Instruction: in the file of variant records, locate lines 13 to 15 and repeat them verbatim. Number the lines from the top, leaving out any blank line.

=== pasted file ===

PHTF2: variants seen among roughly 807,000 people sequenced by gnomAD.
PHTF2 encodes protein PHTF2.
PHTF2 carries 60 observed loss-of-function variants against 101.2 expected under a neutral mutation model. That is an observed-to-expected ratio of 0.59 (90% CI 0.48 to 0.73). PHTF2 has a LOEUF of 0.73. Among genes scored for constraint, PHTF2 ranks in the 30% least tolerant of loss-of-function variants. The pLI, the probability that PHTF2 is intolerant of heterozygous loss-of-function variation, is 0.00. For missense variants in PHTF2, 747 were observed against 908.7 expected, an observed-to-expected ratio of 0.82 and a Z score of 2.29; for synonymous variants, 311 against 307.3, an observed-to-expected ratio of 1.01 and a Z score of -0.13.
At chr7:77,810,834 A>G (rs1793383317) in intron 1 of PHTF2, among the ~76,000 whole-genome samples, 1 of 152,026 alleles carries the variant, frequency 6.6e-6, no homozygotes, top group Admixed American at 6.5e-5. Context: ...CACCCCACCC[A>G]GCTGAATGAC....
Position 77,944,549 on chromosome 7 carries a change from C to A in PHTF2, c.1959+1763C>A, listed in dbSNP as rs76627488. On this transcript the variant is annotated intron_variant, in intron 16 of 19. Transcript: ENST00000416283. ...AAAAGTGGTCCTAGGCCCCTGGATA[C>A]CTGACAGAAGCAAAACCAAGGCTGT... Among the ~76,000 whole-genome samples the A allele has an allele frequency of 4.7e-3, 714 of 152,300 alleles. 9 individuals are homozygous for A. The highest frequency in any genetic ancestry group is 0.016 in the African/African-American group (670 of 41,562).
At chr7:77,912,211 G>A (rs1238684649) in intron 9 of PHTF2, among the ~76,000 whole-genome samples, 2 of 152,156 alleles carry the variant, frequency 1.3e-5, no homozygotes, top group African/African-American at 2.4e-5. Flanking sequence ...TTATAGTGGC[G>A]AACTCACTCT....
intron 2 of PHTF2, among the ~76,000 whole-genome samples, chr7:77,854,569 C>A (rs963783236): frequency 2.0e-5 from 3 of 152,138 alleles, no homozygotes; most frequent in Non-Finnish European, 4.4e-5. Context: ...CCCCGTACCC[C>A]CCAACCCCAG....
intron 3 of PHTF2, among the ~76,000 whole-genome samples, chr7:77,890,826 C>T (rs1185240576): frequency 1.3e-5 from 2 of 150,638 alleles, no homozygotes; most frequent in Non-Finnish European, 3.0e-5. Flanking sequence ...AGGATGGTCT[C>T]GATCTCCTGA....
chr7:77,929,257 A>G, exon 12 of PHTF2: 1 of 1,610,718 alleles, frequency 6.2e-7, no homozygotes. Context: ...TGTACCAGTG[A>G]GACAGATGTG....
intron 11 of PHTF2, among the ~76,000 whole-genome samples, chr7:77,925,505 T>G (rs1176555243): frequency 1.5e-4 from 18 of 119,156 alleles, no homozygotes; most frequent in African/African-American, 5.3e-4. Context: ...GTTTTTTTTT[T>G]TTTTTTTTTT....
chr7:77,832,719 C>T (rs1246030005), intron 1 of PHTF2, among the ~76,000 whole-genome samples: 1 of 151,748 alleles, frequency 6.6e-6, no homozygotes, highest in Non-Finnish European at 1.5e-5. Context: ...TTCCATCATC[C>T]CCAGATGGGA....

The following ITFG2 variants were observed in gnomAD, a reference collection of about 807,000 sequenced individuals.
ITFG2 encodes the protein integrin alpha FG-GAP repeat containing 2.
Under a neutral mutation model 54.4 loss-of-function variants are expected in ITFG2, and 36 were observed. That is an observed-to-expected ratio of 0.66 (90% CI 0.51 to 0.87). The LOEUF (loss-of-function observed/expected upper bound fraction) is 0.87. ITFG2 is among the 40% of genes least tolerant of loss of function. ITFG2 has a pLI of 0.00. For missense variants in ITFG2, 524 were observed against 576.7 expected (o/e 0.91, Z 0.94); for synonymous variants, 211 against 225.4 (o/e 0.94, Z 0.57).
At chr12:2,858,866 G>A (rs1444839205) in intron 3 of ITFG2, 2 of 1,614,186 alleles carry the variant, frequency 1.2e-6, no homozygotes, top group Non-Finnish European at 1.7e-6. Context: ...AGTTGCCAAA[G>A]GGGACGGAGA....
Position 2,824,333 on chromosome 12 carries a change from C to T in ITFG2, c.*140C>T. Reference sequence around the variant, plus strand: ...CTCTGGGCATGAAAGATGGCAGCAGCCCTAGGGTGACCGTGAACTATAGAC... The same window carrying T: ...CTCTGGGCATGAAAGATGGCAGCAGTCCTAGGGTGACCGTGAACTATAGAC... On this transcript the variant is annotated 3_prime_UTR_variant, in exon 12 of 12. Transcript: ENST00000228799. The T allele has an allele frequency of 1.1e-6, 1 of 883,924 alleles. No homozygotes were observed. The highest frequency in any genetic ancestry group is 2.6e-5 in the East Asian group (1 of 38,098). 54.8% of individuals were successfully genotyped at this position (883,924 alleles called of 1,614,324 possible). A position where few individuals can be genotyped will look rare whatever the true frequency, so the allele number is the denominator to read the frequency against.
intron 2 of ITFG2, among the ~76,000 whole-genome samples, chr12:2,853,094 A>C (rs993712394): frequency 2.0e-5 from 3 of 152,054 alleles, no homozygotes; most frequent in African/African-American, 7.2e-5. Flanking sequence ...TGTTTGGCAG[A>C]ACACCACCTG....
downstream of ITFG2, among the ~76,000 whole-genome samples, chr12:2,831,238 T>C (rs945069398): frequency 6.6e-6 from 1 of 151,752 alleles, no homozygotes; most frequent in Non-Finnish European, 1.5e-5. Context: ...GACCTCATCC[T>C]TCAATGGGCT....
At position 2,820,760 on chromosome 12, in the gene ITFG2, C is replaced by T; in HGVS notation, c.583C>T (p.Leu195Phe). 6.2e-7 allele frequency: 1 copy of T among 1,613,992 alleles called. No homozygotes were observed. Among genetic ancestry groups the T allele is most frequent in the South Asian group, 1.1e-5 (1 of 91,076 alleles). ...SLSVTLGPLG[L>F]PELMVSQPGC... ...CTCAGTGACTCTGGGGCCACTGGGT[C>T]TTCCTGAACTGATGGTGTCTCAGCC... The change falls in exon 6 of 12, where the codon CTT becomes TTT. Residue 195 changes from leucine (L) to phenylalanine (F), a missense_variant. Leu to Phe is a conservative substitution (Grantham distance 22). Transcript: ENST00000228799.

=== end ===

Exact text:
ITFG2 encodes the protein integrin alpha FG-GAP repeat containing 2.
Under a neutral mutation model 54.4 loss-of-function variants are expected in ITFG2, and 36 were observed. That is an observed-to-expected ratio of 0.66 (90% CI 0.51 to 0.87). The LOEUF (loss-of-function observed/expected upper bound fraction) is 0.87. ITFG2 is among the 40% of genes least tolerant of loss of function. ITFG2 has a pLI of 0.00. For missense variants in ITFG2, 524 were observed against 576.7 expected (o/e 0.91, Z 0.94); for synonymous variants, 211 against 225.4 (o/e 0.94, Z 0.57).
At chr12:2,858,866 G>A (rs1444839205) in intron 3 of ITFG2, 2 of 1,614,186 alleles carry the variant, frequency 1.2e-6, no homozygotes, top group Non-Finnish European at 1.7e-6. Context: ...AGTTGCCAAA[G>A]GGGACGGAGA....